Unlike NEC's line of Multeos crossover business/residential LCDs with native 1080p resolution, the LCD4620 has a lower, more computer-centric resolution of 1366×768, and that's no accident. Because LCDs are at their best when directly displaying source resolution, NEC has opted for a resolution that's more likely to be consistent with the digitally created source material for digital signage. While that may be a compromise if most of your signage content is high-definition video, that's not the case for the large majority of public-signage usage. Yes, video is often a part of it, but often the video resides within a window surrounded by the text and graphics that create the specific signage message. And the 1366×768 computer resolution is excellent for producing sharp, legible text and graphics.

On the spec sheet, NEC lists the brightness of the LCD4620 at 650 cd/m2 and I was able to measure right around that, but only with brightness artificially high. More appropriate measurements based on a setup similar to how the panel is likely to be used are a little lower, from 534 cd/m2 to 592 cd/m2 depending on specific color temperature. I measured brightness uniformity between 85 percent to 90 percent, again depending on specific brightness and contrast levels and a contrast ratio of 653:1. Those are pretty good basic numbers, and the ability to crank up to more than 600 nits against the potential bright lights of public spaces is not a bad option.

Yet, even better than those basic statistics, the LCD4620 should be a very straightforward install given its out-of-the-box color configuration. I found grayscale curve to be particularly good, especially for an LCD panel, all the way down to 10 IRE. Color accuracy out of the box was equally impressive. Both primary and secondary colors were right where they should be, with the slight exception of green, which hints toward blue. That just means there will be a lot less need to delve into NEC's custom color parameters. They are there if you want them, but the LCD4620's excellent default configuration should save a lot of time during the install.

And, while you'll do best to feed the LCD4620 its native resolution (as with any LCD), I was pleasantly surprised by the auto-setup function's ability to adjust to alternate resolutions, in terms of both alignment and scaling. The process takes several seconds, but it's just a push of a button, and the results are quite good.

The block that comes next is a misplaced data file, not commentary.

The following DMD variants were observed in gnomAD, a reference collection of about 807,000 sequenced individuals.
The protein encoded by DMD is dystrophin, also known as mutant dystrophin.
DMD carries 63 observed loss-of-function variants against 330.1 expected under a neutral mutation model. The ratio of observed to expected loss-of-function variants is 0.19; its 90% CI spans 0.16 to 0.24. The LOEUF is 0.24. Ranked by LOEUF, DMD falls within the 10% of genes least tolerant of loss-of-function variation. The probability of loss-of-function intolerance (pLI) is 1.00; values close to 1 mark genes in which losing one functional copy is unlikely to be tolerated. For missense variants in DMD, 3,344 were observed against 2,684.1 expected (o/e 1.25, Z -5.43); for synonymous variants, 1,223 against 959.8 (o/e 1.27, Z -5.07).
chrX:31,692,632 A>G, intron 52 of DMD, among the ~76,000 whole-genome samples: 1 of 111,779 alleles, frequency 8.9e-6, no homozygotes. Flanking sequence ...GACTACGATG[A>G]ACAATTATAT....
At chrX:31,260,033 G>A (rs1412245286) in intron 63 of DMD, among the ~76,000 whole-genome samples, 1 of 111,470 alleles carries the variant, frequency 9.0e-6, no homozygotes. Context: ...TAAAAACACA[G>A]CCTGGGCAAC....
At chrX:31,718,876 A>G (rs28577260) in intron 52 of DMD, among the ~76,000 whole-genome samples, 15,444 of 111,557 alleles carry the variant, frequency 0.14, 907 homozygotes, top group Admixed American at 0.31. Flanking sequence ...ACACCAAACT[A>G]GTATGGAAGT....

With the combination of its sturdy metal chassis, built-in configuration features, computer-centric resolution, and understated design, the LCD4620 was built specifically for the digital-information-display market. While the price is still much higher than those sexy curved-bezel commodity panels at the superstore, the LCD4620 is built for a much different job and that should lower the cost of ownership in the long run. And it's got an inner beauty that a business installer could love.


PRODUCT SUMMARY

Company: NEC Display Solutions www.necdisplay.com

Product: MultiSync LCD4620-AV

Pros: Sturdy, understated design for public-display usage; excellent image quality, particularly for LCD; extensive built-in features for cost of entry.

Cons: AV version is a little pricey.

Price: $4,199 street price ($3,999 for the IT configuration).


SPECIFICATIONS

Display type: Active-matrix LCD

Diagonal screen size: 46in.

Native resolution: 1366×768

Aspect ratio: 16:9

Brightness: 650 cd/m2

Contrast ratio: 1200:1

Pixel pitch: 0.7455mm

Inputs: DVI-D, 15-pin RGB, 5×BNC RGB, 3×RCA component, S-Video, BNC and RCA composite

Control: RS-232 in/out (daisy chain)

Viewing angle: 178 degrees side-to-side and up-down

Dimensions (H×W×D): 29.9"×41.6"×5.6"

Weight: 83.6lbs.

Warranty: Three years parts and labor